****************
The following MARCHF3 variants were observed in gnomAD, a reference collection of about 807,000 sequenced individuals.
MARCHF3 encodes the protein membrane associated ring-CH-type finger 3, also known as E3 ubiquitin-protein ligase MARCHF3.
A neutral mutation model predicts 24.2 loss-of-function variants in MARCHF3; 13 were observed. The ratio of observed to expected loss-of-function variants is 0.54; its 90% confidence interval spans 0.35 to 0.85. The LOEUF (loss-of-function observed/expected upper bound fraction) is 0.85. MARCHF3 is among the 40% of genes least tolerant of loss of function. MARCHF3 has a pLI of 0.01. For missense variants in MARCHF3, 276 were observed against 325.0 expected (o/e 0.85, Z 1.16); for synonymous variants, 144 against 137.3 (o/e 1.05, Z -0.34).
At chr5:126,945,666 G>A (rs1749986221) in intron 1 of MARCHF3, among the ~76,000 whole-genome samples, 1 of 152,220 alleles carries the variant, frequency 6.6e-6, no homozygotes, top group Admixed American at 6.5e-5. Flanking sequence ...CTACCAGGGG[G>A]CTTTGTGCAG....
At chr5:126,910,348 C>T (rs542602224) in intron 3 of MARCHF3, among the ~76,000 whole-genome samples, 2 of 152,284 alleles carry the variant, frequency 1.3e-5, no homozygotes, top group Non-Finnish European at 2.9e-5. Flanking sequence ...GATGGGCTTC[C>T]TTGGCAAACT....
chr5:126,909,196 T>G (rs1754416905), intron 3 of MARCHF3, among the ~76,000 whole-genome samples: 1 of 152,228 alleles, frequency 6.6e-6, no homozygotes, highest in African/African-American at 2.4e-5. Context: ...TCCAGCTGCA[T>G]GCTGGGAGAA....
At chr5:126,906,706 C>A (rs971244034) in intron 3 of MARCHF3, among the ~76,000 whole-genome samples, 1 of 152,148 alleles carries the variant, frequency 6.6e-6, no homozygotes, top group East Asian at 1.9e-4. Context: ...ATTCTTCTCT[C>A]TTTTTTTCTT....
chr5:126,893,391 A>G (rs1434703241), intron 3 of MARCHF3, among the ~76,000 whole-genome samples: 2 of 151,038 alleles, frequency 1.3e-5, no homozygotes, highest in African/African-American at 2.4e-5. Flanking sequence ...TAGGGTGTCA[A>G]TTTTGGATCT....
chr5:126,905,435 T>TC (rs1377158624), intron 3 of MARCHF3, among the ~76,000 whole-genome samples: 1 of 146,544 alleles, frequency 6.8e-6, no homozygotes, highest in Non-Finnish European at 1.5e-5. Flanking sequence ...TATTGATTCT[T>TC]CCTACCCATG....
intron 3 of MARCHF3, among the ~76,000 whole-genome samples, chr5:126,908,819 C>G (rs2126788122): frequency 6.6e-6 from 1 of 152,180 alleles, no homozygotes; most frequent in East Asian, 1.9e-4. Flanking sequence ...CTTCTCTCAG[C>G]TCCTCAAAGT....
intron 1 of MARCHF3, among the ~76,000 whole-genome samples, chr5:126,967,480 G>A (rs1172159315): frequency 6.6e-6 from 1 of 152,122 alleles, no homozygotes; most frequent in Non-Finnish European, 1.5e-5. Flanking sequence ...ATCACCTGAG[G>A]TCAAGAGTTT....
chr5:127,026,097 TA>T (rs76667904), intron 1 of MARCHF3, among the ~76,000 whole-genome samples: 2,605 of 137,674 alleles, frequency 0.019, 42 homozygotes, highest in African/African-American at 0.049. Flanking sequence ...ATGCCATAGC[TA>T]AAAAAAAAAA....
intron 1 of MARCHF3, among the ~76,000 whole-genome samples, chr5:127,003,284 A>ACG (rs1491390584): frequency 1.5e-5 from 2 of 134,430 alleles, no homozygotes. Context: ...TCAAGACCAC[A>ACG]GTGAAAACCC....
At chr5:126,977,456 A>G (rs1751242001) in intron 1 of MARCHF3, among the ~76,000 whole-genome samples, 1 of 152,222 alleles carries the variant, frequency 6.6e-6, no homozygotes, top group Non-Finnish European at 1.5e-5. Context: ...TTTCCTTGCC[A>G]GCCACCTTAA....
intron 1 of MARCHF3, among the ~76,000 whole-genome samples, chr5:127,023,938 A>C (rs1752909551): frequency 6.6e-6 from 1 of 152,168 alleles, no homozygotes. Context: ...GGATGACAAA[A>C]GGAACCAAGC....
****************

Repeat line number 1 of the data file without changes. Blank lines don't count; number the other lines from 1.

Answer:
The following MARCHF3 variants were observed in gnomAD, a reference collection of about 807,000 sequenced individuals.